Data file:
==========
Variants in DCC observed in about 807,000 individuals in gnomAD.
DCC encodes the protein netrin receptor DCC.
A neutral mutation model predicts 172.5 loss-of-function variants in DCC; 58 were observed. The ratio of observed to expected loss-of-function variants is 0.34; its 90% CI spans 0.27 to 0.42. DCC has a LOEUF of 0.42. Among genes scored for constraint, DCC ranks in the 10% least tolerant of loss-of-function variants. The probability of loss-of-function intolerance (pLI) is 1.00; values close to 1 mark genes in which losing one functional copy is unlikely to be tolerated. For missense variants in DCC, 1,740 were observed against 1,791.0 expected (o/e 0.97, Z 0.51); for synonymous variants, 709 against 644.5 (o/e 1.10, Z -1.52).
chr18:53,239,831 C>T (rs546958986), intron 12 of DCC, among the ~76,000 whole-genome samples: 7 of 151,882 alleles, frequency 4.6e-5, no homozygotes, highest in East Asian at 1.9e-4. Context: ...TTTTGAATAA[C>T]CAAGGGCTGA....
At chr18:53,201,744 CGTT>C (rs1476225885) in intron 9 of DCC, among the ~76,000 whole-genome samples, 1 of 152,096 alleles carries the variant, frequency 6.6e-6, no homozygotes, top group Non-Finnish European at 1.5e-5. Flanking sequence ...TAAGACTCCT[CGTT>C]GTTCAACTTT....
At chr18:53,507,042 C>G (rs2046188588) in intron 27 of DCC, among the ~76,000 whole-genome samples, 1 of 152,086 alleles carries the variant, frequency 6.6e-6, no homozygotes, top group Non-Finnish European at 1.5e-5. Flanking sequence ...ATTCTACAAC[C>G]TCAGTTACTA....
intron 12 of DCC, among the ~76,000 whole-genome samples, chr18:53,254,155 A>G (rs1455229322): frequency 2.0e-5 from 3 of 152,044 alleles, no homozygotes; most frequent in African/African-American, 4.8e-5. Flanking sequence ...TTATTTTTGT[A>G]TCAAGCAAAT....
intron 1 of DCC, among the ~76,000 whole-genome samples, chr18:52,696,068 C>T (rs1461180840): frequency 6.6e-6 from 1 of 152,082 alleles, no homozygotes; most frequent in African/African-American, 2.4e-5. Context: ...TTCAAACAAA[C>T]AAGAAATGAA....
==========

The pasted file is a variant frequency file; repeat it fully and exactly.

Variants in DCC observed in about 807,000 individuals in gnomAD.
DCC encodes the protein netrin receptor DCC.
A neutral mutation model predicts 172.5 loss-of-function variants in DCC; 58 were observed. The ratio of observed to expected loss-of-function variants is 0.34; its 90% CI spans 0.27 to 0.42. DCC has a LOEUF of 0.42. Among genes scored for constraint, DCC ranks in the 10% least tolerant of loss-of-function variants. The probability of loss-of-function intolerance (pLI) is 1.00; values close to 1 mark genes in which losing one functional copy is unlikely to be tolerated. For missense variants in DCC, 1,740 were observed against 1,791.0 expected (o/e 0.97, Z 0.51); for synonymous variants, 709 against 644.5 (o/e 1.10, Z -1.52).
chr18:53,239,831 C>T (rs546958986), intron 12 of DCC, among the ~76,000 whole-genome samples: 7 of 151,882 alleles, frequency 4.6e-5, no homozygotes, highest in East Asian at 1.9e-4. Context: ...TTTTGAATAA[C>T]CAAGGGCTGA....
At chr18:53,201,744 CGTT>C (rs1476225885) in intron 9 of DCC, among the ~76,000 whole-genome samples, 1 of 152,096 alleles carries the variant, frequency 6.6e-6, no homozygotes, top group Non-Finnish European at 1.5e-5. Flanking sequence ...TAAGACTCCT[CGTT>C]GTTCAACTTT....
At chr18:53,507,042 C>G (rs2046188588) in intron 27 of DCC, among the ~76,000 whole-genome samples, 1 of 152,086 alleles carries the variant, frequency 6.6e-6, no homozygotes, top group Non-Finnish European at 1.5e-5. Flanking sequence ...ATTCTACAAC[C>G]TCAGTTACTA....
intron 12 of DCC, among the ~76,000 whole-genome samples, chr18:53,254,155 A>G (rs1455229322): frequency 2.0e-5 from 3 of 152,044 alleles, no homozygotes; most frequent in African/African-American, 4.8e-5. Flanking sequence ...TTATTTTTGT[A>G]TCAAGCAAAT....
intron 1 of DCC, among the ~76,000 whole-genome samples, chr18:52,696,068 C>T (rs1461180840): frequency 6.6e-6 from 1 of 152,082 alleles, no homozygotes; most frequent in African/African-American, 2.4e-5. Context: ...TTCAAACAAA[C>T]AAGAAATGAA....